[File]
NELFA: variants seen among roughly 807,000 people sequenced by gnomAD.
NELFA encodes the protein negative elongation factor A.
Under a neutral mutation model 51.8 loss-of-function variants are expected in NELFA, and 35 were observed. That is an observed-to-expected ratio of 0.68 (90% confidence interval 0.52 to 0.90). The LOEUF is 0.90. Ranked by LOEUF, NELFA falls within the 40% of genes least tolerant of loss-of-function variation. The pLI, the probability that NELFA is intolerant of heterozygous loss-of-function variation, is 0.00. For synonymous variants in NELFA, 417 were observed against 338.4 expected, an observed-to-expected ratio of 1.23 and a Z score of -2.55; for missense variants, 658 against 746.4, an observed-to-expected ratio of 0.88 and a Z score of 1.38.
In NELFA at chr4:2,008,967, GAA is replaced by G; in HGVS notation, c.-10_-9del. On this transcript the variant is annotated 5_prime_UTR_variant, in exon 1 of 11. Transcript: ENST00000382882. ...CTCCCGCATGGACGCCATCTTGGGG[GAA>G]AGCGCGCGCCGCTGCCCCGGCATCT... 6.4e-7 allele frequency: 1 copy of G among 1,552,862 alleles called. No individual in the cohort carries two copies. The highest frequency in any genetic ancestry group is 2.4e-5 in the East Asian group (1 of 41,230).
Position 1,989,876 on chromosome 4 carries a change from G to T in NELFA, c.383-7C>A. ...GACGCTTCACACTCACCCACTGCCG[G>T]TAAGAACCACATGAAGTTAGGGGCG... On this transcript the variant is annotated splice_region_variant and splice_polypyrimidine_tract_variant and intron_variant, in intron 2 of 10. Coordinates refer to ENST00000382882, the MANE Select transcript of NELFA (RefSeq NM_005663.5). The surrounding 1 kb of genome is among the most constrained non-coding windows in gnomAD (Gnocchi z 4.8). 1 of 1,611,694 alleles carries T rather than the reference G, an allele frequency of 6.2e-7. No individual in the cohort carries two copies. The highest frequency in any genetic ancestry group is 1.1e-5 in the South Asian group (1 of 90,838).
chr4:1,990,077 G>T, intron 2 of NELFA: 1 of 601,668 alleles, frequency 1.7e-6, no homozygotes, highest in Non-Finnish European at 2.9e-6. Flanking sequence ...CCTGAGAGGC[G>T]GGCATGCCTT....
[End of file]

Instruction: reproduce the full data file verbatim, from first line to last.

NELFA: variants seen among roughly 807,000 people sequenced by gnomAD.
NELFA encodes the protein negative elongation factor A.
Under a neutral mutation model 51.8 loss-of-function variants are expected in NELFA, and 35 were observed. That is an observed-to-expected ratio of 0.68 (90% confidence interval 0.52 to 0.90). The LOEUF is 0.90. Ranked by LOEUF, NELFA falls within the 40% of genes least tolerant of loss-of-function variation. The pLI, the probability that NELFA is intolerant of heterozygous loss-of-function variation, is 0.00. For synonymous variants in NELFA, 417 were observed against 338.4 expected, an observed-to-expected ratio of 1.23 and a Z score of -2.55; for missense variants, 658 against 746.4, an observed-to-expected ratio of 0.88 and a Z score of 1.38.
In NELFA at chr4:2,008,967, GAA is replaced by G; in HGVS notation, c.-10_-9del. On this transcript the variant is annotated 5_prime_UTR_variant, in exon 1 of 11. Transcript: ENST00000382882. ...CTCCCGCATGGACGCCATCTTGGGG[GAA>G]AGCGCGCGCCGCTGCCCCGGCATCT... 6.4e-7 allele frequency: 1 copy of G among 1,552,862 alleles called. No individual in the cohort carries two copies. The highest frequency in any genetic ancestry group is 2.4e-5 in the East Asian group (1 of 41,230).
Position 1,989,876 on chromosome 4 carries a change from G to T in NELFA, c.383-7C>A. ...GACGCTTCACACTCACCCACTGCCG[G>T]TAAGAACCACATGAAGTTAGGGGCG... On this transcript the variant is annotated splice_region_variant and splice_polypyrimidine_tract_variant and intron_variant, in intron 2 of 10. Coordinates refer to ENST00000382882, the MANE Select transcript of NELFA (RefSeq NM_005663.5). The surrounding 1 kb of genome is among the most constrained non-coding windows in gnomAD (Gnocchi z 4.8). 1 of 1,611,694 alleles carries T rather than the reference G, an allele frequency of 6.2e-7. No individual in the cohort carries two copies. The highest frequency in any genetic ancestry group is 1.1e-5 in the South Asian group (1 of 90,838).
chr4:1,990,077 G>T, intron 2 of NELFA: 1 of 601,668 alleles, frequency 1.7e-6, no homozygotes, highest in Non-Finnish European at 2.9e-6. Flanking sequence ...CCTGAGAGGC[G>T]GGCATGCCTT....